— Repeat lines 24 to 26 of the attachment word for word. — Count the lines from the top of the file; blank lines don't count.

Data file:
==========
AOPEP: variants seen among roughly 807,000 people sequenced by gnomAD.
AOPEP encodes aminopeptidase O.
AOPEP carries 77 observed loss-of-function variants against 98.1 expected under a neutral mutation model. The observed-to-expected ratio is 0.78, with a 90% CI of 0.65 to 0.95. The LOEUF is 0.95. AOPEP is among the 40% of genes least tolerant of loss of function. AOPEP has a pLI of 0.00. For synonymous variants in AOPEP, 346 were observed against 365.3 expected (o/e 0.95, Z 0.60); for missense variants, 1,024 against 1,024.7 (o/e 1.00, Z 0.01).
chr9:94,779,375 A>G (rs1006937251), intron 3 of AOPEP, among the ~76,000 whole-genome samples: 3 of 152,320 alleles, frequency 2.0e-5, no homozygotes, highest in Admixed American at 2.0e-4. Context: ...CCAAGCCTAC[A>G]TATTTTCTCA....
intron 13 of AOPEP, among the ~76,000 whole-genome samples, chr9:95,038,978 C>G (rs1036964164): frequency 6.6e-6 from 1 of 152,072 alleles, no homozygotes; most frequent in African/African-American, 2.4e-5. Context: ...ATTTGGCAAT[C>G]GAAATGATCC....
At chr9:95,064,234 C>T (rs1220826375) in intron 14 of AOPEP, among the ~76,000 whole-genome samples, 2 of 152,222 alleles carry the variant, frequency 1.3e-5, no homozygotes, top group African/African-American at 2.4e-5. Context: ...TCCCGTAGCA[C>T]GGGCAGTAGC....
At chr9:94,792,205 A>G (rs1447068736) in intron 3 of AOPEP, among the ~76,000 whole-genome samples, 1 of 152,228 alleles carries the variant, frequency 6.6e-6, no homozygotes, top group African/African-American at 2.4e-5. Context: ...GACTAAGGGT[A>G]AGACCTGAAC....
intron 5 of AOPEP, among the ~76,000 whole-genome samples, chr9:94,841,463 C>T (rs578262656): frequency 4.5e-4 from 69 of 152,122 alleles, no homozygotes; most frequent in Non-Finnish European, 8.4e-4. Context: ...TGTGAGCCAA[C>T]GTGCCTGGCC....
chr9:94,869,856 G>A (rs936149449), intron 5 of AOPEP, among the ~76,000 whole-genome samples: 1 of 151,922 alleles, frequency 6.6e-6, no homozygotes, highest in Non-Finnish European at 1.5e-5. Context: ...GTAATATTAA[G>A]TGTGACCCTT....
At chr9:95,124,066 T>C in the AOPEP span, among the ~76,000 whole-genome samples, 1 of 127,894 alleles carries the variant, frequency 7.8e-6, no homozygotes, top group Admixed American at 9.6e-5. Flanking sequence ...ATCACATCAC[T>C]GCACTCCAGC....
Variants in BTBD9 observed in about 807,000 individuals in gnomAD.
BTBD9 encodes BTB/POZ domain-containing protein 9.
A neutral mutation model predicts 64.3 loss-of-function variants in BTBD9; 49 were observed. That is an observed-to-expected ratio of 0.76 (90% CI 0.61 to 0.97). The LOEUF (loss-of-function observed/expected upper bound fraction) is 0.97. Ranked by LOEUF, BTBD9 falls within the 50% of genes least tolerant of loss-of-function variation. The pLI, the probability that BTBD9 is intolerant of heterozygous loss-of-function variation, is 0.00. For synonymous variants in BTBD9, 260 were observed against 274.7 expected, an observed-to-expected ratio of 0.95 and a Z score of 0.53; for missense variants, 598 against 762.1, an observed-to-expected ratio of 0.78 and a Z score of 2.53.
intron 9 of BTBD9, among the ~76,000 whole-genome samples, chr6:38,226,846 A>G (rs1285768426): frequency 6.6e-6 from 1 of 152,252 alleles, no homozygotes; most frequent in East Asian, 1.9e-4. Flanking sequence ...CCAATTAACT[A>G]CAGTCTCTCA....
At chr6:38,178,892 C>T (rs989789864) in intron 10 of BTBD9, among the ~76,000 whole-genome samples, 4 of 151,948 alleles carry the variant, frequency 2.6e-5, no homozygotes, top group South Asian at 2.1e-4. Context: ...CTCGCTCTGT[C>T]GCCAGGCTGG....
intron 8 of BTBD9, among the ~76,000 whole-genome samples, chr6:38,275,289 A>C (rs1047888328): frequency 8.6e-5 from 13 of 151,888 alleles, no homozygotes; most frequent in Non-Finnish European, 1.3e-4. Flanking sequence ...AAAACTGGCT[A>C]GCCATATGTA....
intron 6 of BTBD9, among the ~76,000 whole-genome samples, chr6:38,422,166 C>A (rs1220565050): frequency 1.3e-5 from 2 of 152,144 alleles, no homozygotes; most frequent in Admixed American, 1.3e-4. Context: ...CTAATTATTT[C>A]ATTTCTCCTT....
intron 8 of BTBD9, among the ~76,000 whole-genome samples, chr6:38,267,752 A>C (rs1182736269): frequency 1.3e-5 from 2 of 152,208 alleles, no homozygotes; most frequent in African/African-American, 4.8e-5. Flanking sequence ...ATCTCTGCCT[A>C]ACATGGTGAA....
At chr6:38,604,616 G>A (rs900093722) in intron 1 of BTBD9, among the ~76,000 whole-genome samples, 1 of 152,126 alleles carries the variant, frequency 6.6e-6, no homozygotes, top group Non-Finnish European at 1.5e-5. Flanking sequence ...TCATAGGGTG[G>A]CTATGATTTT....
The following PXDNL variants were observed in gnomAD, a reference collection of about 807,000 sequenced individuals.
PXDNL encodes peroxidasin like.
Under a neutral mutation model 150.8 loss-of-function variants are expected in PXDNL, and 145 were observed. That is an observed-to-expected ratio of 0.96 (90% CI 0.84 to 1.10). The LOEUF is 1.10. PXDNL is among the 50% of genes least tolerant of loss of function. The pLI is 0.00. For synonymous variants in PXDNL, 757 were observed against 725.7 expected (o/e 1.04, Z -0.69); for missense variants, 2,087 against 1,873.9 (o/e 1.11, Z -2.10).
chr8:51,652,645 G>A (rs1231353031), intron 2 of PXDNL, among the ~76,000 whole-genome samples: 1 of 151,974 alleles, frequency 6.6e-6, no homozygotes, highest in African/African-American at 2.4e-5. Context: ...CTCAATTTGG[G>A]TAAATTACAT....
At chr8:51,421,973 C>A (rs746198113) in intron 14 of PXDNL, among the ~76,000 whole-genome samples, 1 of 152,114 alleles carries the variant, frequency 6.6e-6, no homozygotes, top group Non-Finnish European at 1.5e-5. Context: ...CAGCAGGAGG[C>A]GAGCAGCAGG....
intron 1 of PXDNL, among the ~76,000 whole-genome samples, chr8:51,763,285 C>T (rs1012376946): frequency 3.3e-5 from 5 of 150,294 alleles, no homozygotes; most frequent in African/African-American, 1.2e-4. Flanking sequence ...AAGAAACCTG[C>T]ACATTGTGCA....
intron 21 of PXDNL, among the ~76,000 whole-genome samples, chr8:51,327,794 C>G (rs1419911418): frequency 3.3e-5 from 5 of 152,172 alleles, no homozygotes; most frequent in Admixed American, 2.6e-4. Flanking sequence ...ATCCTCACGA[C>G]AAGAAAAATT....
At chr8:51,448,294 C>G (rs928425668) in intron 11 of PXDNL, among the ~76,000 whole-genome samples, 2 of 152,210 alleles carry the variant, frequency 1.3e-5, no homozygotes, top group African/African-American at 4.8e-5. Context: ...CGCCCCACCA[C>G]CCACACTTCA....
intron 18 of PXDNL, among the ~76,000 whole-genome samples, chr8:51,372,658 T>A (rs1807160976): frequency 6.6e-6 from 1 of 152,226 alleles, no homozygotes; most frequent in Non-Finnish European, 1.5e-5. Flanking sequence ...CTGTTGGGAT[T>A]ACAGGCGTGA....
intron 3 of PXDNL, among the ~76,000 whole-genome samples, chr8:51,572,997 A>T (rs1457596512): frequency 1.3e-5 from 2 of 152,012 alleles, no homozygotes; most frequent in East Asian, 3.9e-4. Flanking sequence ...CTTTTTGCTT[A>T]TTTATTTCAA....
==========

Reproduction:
At chr8:51,421,973 C>A (rs746198113) in intron 14 of PXDNL, among the ~76,000 whole-genome samples, 1 of 152,114 alleles carries the variant, frequency 6.6e-6, no homozygotes, top group Non-Finnish European at 1.5e-5. Context: ...CAGCAGGAGG[C>A]GAGCAGCAGG....
intron 1 of PXDNL, among the ~76,000 whole-genome samples, chr8:51,763,285 C>T (rs1012376946): frequency 3.3e-5 from 5 of 150,294 alleles, no homozygotes; most frequent in African/African-American, 1.2e-4. Flanking sequence ...AAGAAACCTG[C>T]ACATTGTGCA....
intron 21 of PXDNL, among the ~76,000 whole-genome samples, chr8:51,327,794 C>G (rs1419911418): frequency 3.3e-5 from 5 of 152,172 alleles, no homozygotes; most frequent in Admixed American, 2.6e-4. Flanking sequence ...ATCCTCACGA[C>G]AAGAAAAATT....